A carat is a weight. A small weight. Very small... there are 150 to the ounce. Well, at least, there are these days. In days of yore there might have been 144 or even 24 carats to the ounce. Obviously, in those days it paid to keep abreast of the local conversion rates. Carat comes from the Greek keration "little horn" and refers to the fruit of the carob (Ceratonia siliqua) tree. Let us, who have seen their withered brown pods littering the sidewalks of Santa Clara, assure you of the accuracy of that description. Originally the seeds themselves were used as weights and their use was adopted by the Arabs who traded all over the Mediterranean. They pronounced keration as qirrat and it was this Arabic word which entered Italian as carato and French as carat.
Kutscher points out that the Jews also used carob seeds as a measurement of weight as well as a monetary value. He quotes Lazar ben Yose from the time of the early Arab conquest of Eretz Yisrael as writing that he paid with "27 haruvin." Ibn Ezra on Shmot 30:13, explains that weight gera גרה is referring to carob seeds (גרגרי חרוב).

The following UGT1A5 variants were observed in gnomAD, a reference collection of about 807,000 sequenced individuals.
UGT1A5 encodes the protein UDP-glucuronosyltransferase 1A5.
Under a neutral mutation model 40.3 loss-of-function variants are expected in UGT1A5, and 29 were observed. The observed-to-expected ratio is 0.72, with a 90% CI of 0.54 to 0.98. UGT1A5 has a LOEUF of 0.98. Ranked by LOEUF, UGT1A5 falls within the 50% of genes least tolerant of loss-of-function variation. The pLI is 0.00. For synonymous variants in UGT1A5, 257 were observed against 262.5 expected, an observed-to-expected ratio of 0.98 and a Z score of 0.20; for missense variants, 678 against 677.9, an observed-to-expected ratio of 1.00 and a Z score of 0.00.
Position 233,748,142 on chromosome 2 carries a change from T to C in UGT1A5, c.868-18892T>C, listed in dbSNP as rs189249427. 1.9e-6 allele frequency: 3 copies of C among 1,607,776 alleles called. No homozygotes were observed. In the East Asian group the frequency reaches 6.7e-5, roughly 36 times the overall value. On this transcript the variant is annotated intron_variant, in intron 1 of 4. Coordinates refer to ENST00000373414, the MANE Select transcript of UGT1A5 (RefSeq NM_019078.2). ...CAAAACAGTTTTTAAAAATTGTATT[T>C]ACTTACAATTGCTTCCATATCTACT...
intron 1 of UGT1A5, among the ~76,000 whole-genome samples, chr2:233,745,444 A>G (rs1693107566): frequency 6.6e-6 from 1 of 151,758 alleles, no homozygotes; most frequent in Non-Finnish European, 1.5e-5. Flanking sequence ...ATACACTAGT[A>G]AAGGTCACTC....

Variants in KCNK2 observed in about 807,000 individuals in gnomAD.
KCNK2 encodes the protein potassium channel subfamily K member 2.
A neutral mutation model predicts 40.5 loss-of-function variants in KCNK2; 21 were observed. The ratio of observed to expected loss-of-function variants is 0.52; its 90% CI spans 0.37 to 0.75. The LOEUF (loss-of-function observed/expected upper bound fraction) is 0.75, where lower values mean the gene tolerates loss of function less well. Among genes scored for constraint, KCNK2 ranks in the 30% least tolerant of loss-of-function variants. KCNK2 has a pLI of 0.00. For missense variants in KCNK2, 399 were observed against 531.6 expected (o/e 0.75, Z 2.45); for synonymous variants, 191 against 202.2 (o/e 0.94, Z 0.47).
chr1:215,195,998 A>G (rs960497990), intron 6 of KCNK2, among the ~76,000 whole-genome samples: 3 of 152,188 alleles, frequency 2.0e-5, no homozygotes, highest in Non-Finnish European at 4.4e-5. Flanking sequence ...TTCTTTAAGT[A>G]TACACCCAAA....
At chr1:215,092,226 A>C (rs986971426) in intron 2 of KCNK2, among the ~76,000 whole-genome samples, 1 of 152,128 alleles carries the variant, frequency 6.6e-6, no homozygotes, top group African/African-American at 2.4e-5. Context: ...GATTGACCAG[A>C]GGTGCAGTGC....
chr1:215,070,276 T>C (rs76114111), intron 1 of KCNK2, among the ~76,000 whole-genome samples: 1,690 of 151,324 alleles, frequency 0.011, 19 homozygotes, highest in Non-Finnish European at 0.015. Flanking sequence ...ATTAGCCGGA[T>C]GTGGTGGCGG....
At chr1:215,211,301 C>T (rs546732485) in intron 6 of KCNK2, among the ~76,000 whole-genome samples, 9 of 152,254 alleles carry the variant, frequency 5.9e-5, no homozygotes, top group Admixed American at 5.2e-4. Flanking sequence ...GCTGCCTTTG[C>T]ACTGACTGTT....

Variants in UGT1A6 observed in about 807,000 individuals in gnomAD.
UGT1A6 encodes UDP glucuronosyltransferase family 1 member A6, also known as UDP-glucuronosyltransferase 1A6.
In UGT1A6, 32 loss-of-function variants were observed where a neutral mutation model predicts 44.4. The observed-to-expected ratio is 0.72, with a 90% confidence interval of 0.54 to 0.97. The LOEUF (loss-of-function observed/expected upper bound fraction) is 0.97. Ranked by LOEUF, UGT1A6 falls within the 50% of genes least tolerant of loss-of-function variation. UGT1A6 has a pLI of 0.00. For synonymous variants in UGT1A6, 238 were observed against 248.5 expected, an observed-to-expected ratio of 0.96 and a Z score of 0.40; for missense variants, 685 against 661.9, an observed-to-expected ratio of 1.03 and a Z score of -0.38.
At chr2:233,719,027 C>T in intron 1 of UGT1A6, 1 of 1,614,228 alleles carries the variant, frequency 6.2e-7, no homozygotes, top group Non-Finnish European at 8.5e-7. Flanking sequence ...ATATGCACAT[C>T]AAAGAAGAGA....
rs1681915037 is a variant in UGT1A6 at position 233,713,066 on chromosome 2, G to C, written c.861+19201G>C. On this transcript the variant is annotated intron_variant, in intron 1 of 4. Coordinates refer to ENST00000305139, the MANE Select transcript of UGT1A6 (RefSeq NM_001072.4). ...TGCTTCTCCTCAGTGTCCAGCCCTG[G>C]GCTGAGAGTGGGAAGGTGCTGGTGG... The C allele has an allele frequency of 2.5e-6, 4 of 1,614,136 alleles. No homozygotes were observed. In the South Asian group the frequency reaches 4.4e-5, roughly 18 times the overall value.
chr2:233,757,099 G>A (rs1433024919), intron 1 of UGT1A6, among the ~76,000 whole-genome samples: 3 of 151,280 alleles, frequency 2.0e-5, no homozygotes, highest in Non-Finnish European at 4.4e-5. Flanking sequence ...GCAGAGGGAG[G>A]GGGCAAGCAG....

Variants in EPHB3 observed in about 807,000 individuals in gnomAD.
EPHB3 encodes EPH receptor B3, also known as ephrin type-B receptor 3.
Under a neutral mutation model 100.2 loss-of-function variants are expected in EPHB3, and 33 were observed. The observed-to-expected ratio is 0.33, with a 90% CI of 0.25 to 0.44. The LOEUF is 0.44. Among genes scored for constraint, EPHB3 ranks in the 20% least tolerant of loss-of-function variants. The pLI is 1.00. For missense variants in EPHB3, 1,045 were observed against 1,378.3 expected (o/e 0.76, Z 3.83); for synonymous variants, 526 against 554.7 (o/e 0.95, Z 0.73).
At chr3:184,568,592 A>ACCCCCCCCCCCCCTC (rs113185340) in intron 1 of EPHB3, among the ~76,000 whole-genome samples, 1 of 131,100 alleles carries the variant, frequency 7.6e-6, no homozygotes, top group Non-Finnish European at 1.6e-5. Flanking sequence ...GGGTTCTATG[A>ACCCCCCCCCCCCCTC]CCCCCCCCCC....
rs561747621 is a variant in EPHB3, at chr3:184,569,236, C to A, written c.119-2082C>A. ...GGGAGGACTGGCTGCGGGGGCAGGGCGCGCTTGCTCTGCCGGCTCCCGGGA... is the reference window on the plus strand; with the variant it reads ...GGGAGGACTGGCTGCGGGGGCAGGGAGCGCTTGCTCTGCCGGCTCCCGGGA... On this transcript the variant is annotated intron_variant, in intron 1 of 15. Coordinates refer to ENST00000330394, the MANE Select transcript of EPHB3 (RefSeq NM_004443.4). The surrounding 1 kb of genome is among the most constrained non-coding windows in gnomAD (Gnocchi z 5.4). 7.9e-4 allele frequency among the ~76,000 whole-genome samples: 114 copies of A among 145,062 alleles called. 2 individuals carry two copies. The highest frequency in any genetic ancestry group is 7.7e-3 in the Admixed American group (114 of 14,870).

Kutscher writes that from Greek, keration passed into Aramaic, and appears in Yerushalmi Peah 21a: חד קרט. He claims that the term entered Arabic via Aramaic.
Kutscher writes that there are those that say that keration has a Semitic origin, but he believes it is originally Greek. I assume he might be referring to the similarity between the Greek keras and the Hebrew קרן keren - both meaning horn. In any case, Klein does not buy into the widely accepted approach, and writes:
But the Greek word itself is a Semitic loan word; it is borrowed either from Aram.-Syr. קרטא (= pod, husk), or Arab. qaraz (pods of the acacia tree). Gk. keration in the above sense is a folk-etymological alteration of the Sem. word and has nothing in common with keration (= small horn), dimin. of keras.
Related words in Hebrew are koret קורט - meaning "a particle, a grain", and Almagor-Ramon connects kurtov קורטוב, a small liquid measure in Talmudic Hebrew, and today meaning "a pinch" (Klein does not make a connection between the two, and Jastrow says that koret comes from קרץ, pinch.)